DEAR MR. REPUBLICAN: We are spending far, far too much time talking about executive orders, whether temporary travel bans are legal, who the Secretary of the Army should be, and so forth. I’m ready to hear policy discussion about some of the truly major issues facing our country. If Republicans are going to make dramatic changes in areas of truly fundamental consequences, then time is not on our side.
Among these issues are…
(1) THE NATIONAL DEBT
Our debt load now exceeds the size of our entire economy and is, for all intents and purposes, not possible to pay off. It is still possible to manage, though, again, time is definitely not on our side on this one. In my opinion, this is the most important and urgent issue facing the United States: our national debt is weeks away from topping $20 trillion BEFORE interest–an amount that no human being can truly wrap his mind around. This still is not being addressed, but the tangible impacts of it are already being felt, especially in Federal Reserve rate planning.
Obamacare should be repealed and replaced–not just repealed. You cannot repeal legislation like Obamacare without a plan for replacing it, and you MUST ensure that those who’ve spent their own hard-earned dollars purchasing insurance through the exchanges are taken care of. This is now the most expensive sector of our economy, and its costs have accelerated in the wake of the Affordable Care Act’s passage in 2010. We keep hearing that action will be taken. The only problem is that we still have no evidence of this action or even a rough idea as to the strategy.
(3) JOBS AND WAGES.
Work force participation remains at near-record lows. Millions of people simply are not looking for jobs. Part of this problem is wages: They started to rise somewhat two or three years ago, but the rate of increase was always too slow. Now wage growth appears to have slowed once again. There are solutions to this problem, and Republicans have good ideas here. What is the hold-up?
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(4) TAXES AND REGULATION.
Our corporate tax code is the most noncompetitive on the entire planet. Our individual tax code, though not quite as noncompetitive, is insanely complex, extremely expensive to comply with, and impossible for any one person to understand in its entirety. The number of regulations is absolutely ballooning and is now having a negative material impact on entrepreneurialism–the very bedrock of our economy and the number 1 pillar underlying “the American Dream.” Campaign promises by both Trump and GOP members of Congress to enact reform in these two areas were frequent and loud. What’s happened? Trump signed an executive order requiring two regulations to be eliminated for every new one enacted–an order so vague and ham-handed that it probably will have no effect at all. Arbitrary executive orders won’t solve this problem. It’s time for Congress to wake up from its continuing decade-long slumber and send true reform legislation to the Oval Office for a signature.
(5) GENERAL GOVERNMENT INEFFICIENCY.
It remains far too difficult to fire federal employees who underperform. (To my federal employee friends, in no way do I intend to imply that most federal employees under-perform, though when it happens, we all know that not much can be done about it.) There remains far too much redundancy; a Congressional study found that hundreds of agencies were doing the same jobs as other agencies. Changing policies can take many years. Government technology and software is always out of date–sometimes decades so. In short: we are not efficient, and we are not nimble. That wasn’t a major problem in the pre-high-tech world. In the dynamic, fast-paced, high-tech world of the 21st Century, however, that is absolutely debilitating. Where’s the reform?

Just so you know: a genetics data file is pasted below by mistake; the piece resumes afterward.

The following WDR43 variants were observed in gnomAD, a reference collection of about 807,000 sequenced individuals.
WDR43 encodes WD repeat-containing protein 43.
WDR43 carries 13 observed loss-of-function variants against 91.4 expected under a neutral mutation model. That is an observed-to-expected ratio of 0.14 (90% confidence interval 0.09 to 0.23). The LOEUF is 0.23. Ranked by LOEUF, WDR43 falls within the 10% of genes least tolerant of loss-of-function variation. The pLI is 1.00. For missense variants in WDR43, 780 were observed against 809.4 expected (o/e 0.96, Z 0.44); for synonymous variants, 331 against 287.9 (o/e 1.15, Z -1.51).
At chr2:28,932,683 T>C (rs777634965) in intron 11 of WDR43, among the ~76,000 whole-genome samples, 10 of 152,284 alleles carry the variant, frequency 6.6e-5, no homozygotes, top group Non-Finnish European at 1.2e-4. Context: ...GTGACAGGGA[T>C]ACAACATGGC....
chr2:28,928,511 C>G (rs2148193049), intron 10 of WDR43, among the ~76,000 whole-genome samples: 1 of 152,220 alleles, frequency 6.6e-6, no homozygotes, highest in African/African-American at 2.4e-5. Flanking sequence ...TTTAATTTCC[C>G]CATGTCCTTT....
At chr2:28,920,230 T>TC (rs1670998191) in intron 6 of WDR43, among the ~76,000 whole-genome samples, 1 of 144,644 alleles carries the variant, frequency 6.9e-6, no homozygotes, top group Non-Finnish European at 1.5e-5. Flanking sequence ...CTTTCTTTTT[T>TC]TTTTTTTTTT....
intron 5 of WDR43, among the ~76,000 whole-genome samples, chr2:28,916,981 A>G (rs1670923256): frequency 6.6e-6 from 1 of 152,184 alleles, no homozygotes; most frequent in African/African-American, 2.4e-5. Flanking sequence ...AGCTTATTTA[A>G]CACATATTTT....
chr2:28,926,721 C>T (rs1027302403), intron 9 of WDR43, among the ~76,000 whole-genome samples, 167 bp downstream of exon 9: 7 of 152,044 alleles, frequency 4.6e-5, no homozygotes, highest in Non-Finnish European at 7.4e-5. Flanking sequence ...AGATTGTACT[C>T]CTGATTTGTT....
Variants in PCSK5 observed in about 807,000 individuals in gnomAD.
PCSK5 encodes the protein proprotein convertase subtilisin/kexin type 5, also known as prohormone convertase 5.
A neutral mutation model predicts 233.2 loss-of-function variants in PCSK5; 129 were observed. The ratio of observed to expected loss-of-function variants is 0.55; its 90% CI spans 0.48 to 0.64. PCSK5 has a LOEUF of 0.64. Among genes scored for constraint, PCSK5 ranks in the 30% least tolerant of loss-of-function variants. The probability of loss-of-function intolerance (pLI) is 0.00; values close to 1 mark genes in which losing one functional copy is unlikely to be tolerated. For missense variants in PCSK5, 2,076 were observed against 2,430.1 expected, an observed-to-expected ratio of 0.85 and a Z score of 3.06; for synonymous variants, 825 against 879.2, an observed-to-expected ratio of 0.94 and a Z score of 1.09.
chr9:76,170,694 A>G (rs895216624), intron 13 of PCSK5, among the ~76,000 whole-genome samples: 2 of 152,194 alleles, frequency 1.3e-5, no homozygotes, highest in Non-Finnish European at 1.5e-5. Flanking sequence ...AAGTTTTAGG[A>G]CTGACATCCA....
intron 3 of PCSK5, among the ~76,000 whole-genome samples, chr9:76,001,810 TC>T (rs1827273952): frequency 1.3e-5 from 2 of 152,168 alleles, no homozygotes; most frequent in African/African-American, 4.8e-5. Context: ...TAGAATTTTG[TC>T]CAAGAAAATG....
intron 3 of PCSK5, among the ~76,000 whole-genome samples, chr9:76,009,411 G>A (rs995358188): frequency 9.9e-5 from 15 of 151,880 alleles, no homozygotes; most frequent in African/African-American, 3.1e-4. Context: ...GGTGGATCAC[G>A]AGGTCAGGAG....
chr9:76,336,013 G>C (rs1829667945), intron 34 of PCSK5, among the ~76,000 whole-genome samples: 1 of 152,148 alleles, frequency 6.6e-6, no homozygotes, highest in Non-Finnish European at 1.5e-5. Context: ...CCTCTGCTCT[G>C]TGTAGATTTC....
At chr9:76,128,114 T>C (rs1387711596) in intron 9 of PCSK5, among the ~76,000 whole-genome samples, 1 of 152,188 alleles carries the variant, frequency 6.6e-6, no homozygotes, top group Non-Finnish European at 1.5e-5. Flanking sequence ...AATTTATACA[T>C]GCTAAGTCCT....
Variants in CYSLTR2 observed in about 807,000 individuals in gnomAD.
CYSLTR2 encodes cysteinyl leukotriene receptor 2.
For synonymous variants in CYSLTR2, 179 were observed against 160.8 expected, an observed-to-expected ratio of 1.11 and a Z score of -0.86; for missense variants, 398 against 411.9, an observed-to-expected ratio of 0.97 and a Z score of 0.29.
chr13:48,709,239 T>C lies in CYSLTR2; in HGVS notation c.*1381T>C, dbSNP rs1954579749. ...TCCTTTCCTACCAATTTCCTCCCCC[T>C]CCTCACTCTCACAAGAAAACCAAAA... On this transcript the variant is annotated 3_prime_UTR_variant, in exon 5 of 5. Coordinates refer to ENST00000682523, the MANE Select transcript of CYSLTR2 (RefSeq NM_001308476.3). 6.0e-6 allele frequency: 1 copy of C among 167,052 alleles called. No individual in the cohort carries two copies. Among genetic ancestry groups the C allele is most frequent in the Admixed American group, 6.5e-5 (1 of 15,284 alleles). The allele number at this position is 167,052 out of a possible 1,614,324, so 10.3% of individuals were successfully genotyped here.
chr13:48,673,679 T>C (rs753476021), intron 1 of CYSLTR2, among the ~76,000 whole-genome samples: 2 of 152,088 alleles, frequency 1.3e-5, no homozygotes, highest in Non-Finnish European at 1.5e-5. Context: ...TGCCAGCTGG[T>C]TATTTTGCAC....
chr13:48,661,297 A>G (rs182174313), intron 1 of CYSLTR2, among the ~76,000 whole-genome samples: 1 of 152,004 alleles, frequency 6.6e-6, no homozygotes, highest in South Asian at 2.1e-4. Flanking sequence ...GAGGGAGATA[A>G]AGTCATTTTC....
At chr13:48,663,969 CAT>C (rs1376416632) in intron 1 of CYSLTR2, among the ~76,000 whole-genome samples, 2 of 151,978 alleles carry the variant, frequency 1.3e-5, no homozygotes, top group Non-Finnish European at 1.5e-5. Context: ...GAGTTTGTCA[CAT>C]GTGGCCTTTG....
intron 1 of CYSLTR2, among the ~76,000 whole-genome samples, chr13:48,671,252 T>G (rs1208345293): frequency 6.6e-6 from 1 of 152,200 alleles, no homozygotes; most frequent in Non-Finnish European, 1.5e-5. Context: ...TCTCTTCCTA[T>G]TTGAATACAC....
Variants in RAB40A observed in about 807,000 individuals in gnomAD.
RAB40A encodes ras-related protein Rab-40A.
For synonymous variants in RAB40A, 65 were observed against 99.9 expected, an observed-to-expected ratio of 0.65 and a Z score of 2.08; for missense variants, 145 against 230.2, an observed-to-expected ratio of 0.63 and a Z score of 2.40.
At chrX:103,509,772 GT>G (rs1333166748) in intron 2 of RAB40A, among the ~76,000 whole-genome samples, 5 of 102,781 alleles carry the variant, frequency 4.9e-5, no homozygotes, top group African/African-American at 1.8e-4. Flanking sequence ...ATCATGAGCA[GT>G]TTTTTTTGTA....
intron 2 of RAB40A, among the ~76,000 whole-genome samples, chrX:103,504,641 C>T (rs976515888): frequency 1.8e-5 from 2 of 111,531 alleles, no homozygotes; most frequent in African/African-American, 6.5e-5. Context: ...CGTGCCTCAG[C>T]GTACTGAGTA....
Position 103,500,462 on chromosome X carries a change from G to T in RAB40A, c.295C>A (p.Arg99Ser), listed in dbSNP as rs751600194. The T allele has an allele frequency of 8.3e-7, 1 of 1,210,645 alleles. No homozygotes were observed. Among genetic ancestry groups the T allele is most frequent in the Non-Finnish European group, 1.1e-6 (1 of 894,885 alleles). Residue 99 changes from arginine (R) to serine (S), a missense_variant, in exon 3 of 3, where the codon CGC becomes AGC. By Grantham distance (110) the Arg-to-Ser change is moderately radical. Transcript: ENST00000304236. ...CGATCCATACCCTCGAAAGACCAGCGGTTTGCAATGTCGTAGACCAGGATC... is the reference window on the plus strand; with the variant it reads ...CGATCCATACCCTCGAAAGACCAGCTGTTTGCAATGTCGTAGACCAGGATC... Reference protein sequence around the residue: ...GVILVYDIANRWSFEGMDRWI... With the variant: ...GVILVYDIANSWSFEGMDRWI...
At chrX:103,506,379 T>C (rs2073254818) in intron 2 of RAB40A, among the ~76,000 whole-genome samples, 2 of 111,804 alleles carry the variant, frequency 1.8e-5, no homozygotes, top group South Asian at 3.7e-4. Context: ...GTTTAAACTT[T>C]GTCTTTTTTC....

Perhaps rather than the national debt, I should have said that this issue is the most urgent one. Why? Well, it prevents our being able to solve these other issues–including the national debt. Trump and Congressional members of the GOP said that they would govern “for everyone” and that they wanted “unity.” I’ve seen no evidence of this in practice. By the same token, Democrats have been almost impossible to work with during confirmation hearings (the only area in which they’ve had much impact so far). It’s not clear that if the GOP extended an olive branch to them now, they’d take it. Bipartisanship is a two-way street, though it was to start somewhere. I’m happy to have it start with Republicans. Unfortunately, I can’t even say that this is a stillborn hope because it doesn’t appear to even have been conceived.
This post is not an attack on Donald Trump. In reality, most of these are issues on which Congress must take action. In order to truly solve any of them, Congress is indispensable. Where are they? At this point, it seems as though Congress is like government, only with frequent nap times, copious recess, and interminable bloviating. It is, however, incumbent on Trump to help set a policy direction, and it is important that Democrats engage themselves constructively as well. In short, blame can be cast all around–on both sides of the aisle and on all three branches of the federal government.
I’m tired of partisan bickering over minor, short-term issues though. I’m ready to tackle major issues. I’m ready to tackle long-term issues. I’m ready to work together. After all, a government that works well works for all. A government that doesn’t work well, works only for a precious few entrenched interests. Let’s make it work well.
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